Building and Maintaining Endurance for Your Sports

Want to have more fun on your upcoming paddling trips? It’s all about building a good base level of endurance so you can go longer and work harder. Don’t get sucked into ads for pills, power bars, drinks and other synthetic products that promise sculpted muscles and blistering marathons. These foods are more about convenience than necessity. Water and carbohydrates are the building blocks that allow us to perform at a higher level. Here are some suggestions for building endurance the natural way.

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SEE THE DOC – It’s just a good health practice and might catch something early. A simple thing like low hemoglobin could wipe you out. Ditto the existence of low or high blood sugar, or carrying 20 extra pounds. Get the pounds off now so you are not trying to improve endurance while larding up.

BAD GENES – Uh oh! Bad genes may have to take the blame for bad knees or deformed feet. So maybe you can’t run, and pursuing the impossible won’t change that, but you can paddle! Choose activities and training methods that will work for you. Cycling, weight lifting, inline skating and interval training are good activities that stress the body in varied ways and help you maintain conditioning when you aren’t out on the water.

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SET SOME GOALS – There is something about keeping an exercise or activity log that inspires a person to stay with the program. Planning safe incremental increases in activity builds endurance. When performing reps on a weight machine, for example, the generally accepted wisdom is two to three workouts a week, three to 10 reps of each exercise, repeated three times. Build strength and endurance not by going to five days a week, or doing more than three sets, but by increasing the number of reps gradually.

CROSS TRAINING – Motivation is a powerful factor when working toward a goal, but we all know it is not as simple as a man or woman waking up one day and saying they are going to enter a paddling competition or run a marathon. It takes work to get there. Cross-training between sports and other types of workouts can help you avoid boredom as well as injury. The runner who cross-trains with calisthenics or weights may avoid hitting a plateau and stagnating, as well as breaking down with a stress fracture or shin splints. Cycling will help a kayaker improve endurance without overdoing upper body work. Cross-training between paddling or weight work, and cycling can also allow you to work harder some days to build endurance and exercise at a lesser intensity on intervening days to allow the body to rest.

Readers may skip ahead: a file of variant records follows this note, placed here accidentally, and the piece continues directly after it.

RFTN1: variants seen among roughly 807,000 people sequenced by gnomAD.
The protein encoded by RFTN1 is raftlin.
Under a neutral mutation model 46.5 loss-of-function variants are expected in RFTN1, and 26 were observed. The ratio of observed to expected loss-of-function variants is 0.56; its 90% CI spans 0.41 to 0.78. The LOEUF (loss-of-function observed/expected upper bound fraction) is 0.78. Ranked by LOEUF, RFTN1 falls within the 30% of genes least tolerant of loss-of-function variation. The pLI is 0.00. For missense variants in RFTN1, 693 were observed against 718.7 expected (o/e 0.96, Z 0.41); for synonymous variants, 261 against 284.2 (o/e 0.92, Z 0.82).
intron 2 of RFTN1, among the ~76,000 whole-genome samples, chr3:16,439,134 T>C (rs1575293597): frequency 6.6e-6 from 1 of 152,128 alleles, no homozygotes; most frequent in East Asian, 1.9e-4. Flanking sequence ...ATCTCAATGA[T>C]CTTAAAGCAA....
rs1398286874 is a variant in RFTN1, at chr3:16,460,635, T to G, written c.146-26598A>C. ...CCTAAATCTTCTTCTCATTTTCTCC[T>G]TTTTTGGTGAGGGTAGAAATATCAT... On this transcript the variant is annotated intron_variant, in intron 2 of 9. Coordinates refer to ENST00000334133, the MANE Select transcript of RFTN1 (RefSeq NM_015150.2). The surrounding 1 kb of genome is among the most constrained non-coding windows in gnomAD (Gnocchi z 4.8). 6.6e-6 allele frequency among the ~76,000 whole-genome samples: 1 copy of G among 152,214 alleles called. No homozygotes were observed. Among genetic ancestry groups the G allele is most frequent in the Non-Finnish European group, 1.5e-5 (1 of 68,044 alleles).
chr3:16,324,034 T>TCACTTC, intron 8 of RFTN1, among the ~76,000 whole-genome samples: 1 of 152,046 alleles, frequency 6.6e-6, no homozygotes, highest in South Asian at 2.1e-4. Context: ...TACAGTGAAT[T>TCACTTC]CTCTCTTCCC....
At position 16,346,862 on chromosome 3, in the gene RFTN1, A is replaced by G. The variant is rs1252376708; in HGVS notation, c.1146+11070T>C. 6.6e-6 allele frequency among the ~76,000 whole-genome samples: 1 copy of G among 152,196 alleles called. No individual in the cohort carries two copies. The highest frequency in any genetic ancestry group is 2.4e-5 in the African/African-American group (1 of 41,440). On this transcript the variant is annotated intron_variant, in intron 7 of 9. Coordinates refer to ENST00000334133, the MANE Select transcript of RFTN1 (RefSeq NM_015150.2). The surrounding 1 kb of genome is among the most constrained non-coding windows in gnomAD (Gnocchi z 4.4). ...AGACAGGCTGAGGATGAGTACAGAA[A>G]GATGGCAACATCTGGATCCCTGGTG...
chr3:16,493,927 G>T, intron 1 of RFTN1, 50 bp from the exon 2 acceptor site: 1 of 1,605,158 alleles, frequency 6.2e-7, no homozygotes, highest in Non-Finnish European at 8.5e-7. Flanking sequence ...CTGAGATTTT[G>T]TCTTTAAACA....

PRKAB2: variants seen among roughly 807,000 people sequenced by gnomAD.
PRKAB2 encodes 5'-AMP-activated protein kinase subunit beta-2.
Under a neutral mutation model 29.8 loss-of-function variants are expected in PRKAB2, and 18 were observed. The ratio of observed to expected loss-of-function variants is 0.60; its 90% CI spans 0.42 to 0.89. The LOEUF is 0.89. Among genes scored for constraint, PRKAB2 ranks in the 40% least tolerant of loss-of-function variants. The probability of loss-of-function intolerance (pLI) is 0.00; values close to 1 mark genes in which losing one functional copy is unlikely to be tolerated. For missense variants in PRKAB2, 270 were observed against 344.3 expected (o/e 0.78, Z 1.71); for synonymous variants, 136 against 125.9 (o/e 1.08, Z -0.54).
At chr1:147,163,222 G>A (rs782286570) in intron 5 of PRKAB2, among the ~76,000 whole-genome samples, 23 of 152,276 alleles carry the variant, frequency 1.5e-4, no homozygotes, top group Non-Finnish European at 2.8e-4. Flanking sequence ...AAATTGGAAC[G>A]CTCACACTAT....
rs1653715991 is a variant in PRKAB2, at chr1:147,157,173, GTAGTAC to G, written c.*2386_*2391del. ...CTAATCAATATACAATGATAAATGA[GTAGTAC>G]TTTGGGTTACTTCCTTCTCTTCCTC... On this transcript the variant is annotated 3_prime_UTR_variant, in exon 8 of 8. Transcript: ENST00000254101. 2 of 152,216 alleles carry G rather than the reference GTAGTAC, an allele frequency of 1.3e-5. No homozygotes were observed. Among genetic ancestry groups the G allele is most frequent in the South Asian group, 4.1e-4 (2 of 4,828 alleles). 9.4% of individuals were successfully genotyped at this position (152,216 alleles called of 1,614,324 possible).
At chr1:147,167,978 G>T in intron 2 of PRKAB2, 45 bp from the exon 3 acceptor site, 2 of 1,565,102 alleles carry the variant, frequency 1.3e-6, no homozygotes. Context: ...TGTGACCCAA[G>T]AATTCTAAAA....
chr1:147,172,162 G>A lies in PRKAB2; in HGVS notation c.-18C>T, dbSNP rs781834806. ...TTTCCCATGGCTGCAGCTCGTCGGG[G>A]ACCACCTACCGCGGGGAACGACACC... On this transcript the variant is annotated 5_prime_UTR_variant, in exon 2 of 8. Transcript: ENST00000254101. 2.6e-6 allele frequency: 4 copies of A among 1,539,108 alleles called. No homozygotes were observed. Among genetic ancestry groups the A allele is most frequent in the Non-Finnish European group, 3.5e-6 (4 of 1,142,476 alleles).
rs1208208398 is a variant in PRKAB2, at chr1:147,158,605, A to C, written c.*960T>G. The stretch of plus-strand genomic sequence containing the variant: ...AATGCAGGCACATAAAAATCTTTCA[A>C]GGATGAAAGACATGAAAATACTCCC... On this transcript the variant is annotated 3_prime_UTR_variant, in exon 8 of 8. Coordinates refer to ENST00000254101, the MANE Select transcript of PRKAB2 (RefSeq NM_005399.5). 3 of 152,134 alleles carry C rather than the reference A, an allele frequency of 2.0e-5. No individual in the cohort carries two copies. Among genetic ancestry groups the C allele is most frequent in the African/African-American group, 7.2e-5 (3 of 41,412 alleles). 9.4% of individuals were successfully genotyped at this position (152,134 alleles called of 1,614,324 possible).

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GET A SPORT – Sports are good ways to shake up the routine and stay active in the off season so you don’t lose endurance. Winter sports like skiing and snowshoeing make sense if you live in a climate where snow and ice cover the ground for a few months. Many people give up working out when they can’t be out on the river. Don’t quit; find something fun!

STRETCH BIG TIME – Stretching both before and after exercise out becomes more important as people age. Warm-ups and cool-downs can be tedious, but there are ways around it. Try some restorative yoga positions during cool-downs, and Tai Chi as an alternative to simple stretching. If you are familiar with these disciplines, incorporate a few moves into your workouts.

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EAT RIGHT – If you can make time to train, you can take the time to eat right. Depending on intensity of exercise, some athletes can fuel up right before working out, whereas men and women getting ready to for a competition probably need to eat no closer than four hours before competition.  After the event, gobble healthy: carbohydrates, proteins and don’t forget some fat, the main fuel for your brain.

SOURCES:

  1. American College of Sports Medicine
  2. American Dietetic Association

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